The mountainous village of Sacualpa in the Quiche region of Guatemala is off the beaten tourist path, and artisans there have fewer opportunities to sell their goods. Francisco Jimon leads a group of five people who make machine embroidered textiles using locally made backstrap loomed fabric. The group is made up of Francisco, his brother, Tomas, and other family members. They have been working together for twelve years and use the income from their crafts to supplement what they make working on other people’s farms as day laborers. They earn decent wages planting, tending, and harvesting crops of corn, beans, and tomatoes, but the work is seasonal, and their craft sales provide income they can count on when there is no work in the fields.
Francisco and Tomas were not able to complete their education beyond grade school. Francisco had to leave home at an early age to find work, first at a farm on the coast, and then in an artesania (craft) store in Panajachel. But they are proud to say that Tomas’s kids have all gone to school thanks to the income from craft sales. Of Francisco’s three grown nieces and nephews, two are now teachers and one is a bookkeeper; their younger siblings are still in school and can also look forward to more job opportunities than were available to the previous generation.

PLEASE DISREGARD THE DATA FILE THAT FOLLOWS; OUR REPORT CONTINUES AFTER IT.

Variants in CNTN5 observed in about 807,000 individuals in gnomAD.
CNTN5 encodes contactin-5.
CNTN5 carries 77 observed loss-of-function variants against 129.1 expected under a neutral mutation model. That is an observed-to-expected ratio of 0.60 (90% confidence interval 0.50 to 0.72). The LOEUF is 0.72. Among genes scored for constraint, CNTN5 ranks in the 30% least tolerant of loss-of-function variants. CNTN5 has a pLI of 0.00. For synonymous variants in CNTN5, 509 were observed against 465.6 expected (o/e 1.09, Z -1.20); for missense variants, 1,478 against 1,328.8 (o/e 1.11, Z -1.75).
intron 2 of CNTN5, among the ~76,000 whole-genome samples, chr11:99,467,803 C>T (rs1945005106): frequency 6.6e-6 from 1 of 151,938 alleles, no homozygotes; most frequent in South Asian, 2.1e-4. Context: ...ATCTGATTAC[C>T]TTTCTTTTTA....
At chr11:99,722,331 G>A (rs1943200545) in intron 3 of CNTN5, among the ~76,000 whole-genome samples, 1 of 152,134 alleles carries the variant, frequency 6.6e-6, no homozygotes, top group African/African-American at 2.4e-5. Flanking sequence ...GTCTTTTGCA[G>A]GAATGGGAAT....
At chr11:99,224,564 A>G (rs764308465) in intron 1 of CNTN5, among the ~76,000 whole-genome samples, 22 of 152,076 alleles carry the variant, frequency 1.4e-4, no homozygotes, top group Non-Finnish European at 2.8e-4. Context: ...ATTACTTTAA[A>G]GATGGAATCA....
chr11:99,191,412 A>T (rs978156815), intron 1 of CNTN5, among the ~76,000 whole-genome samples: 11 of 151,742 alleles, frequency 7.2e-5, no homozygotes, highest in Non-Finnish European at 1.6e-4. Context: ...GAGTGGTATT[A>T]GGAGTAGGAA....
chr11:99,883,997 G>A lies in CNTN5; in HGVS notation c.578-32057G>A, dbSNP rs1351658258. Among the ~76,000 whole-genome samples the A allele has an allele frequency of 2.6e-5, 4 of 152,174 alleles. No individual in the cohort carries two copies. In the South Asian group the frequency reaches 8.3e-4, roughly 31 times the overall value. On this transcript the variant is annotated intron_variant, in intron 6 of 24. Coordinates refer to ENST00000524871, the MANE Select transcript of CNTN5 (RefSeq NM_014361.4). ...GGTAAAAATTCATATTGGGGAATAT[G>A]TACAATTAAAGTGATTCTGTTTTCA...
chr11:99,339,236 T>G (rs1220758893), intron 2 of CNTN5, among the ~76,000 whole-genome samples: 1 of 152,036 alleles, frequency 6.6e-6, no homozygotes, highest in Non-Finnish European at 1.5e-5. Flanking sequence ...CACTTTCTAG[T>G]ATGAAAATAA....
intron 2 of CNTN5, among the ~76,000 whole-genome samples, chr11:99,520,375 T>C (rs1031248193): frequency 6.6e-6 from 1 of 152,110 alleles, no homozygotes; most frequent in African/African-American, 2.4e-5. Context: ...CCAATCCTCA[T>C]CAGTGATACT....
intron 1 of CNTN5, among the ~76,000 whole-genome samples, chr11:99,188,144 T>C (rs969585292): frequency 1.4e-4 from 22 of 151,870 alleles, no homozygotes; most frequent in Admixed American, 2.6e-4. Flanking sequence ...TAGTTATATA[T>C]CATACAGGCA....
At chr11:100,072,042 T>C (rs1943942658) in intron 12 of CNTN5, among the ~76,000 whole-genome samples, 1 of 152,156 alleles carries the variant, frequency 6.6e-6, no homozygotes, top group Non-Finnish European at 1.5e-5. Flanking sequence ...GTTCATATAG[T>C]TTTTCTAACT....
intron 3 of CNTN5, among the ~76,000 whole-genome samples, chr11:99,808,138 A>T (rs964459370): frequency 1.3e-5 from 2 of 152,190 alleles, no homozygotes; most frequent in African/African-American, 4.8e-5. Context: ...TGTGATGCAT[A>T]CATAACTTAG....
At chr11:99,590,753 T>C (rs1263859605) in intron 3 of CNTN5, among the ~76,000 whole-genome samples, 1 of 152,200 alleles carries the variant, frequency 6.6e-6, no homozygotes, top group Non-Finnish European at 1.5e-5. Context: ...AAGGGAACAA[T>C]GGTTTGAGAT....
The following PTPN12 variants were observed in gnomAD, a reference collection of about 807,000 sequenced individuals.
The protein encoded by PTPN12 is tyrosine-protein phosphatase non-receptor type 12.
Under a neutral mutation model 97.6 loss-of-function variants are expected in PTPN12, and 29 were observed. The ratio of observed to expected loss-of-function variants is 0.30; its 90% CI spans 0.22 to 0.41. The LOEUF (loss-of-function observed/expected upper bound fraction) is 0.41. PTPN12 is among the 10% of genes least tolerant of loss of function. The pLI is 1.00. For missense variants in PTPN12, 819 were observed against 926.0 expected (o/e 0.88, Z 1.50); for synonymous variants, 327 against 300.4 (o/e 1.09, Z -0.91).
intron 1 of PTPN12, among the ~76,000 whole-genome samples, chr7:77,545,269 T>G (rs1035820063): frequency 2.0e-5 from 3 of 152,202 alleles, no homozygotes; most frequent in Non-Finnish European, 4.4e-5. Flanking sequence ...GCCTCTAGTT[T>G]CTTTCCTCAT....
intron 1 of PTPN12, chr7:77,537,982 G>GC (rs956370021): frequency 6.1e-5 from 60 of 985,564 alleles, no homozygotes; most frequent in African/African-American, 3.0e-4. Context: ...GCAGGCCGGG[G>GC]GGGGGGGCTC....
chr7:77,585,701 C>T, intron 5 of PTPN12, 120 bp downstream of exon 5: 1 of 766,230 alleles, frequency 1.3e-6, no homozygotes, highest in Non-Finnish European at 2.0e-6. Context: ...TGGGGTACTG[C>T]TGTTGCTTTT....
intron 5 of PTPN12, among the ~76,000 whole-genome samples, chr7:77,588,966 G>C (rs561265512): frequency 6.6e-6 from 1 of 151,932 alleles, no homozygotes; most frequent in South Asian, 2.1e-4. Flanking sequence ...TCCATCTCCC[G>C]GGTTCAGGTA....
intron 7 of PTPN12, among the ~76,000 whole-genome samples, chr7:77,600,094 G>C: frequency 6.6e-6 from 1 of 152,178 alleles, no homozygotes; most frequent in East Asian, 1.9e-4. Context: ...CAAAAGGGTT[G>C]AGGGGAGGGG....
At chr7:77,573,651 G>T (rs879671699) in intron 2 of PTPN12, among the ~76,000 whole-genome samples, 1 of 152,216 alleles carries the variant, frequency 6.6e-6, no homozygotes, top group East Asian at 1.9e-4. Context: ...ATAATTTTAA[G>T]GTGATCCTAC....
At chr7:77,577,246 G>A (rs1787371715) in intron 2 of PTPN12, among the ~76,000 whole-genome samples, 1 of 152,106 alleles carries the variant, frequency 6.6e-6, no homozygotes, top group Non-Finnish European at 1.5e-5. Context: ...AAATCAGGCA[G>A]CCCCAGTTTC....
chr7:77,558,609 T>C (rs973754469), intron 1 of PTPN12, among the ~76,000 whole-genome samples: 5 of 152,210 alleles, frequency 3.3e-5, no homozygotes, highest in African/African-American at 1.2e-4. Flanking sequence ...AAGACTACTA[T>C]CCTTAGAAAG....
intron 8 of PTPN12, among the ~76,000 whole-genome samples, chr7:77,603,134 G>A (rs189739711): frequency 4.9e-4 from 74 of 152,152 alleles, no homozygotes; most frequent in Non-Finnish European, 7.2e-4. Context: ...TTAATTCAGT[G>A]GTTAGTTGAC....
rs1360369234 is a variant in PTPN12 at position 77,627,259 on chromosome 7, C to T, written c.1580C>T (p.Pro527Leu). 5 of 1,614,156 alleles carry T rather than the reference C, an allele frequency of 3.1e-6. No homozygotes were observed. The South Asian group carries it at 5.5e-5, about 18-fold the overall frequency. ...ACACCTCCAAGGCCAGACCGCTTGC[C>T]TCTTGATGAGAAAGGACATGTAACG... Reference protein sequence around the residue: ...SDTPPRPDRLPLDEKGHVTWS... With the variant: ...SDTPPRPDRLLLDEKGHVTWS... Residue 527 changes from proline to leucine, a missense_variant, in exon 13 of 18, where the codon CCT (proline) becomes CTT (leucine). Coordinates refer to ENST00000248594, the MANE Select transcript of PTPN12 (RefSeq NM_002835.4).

The brothers do not linger on thoughts of what might have been had they been able to complete their own educations. They know they have provided a good life for themselves and their families, and they are proud of the business they have built in the past 28 years. Francisco takes pride in his store and his products, and the fact that the embroidery produced by their family is top quality with finer stitching and greater detail than much of what can be found in the market.
Like Francisco himself, the fabric for the Wild Blossom Bags has changed paths. The fabric was designed for table runners, but Sharon began transforming them into gorgeous bags. The bags are a joint project of several artisan groups. The material is purchased from the group in Sacualpa and then goes to artisans specialized in sewing or leather work who create the final product. No leftover pieces go to waste; scraps are used to make coin purses and small pouches. The results of this collaboration are terrific products and more work for artisans like Francisco and his family.
Sometimes it takes a winding path to end up right where you belong.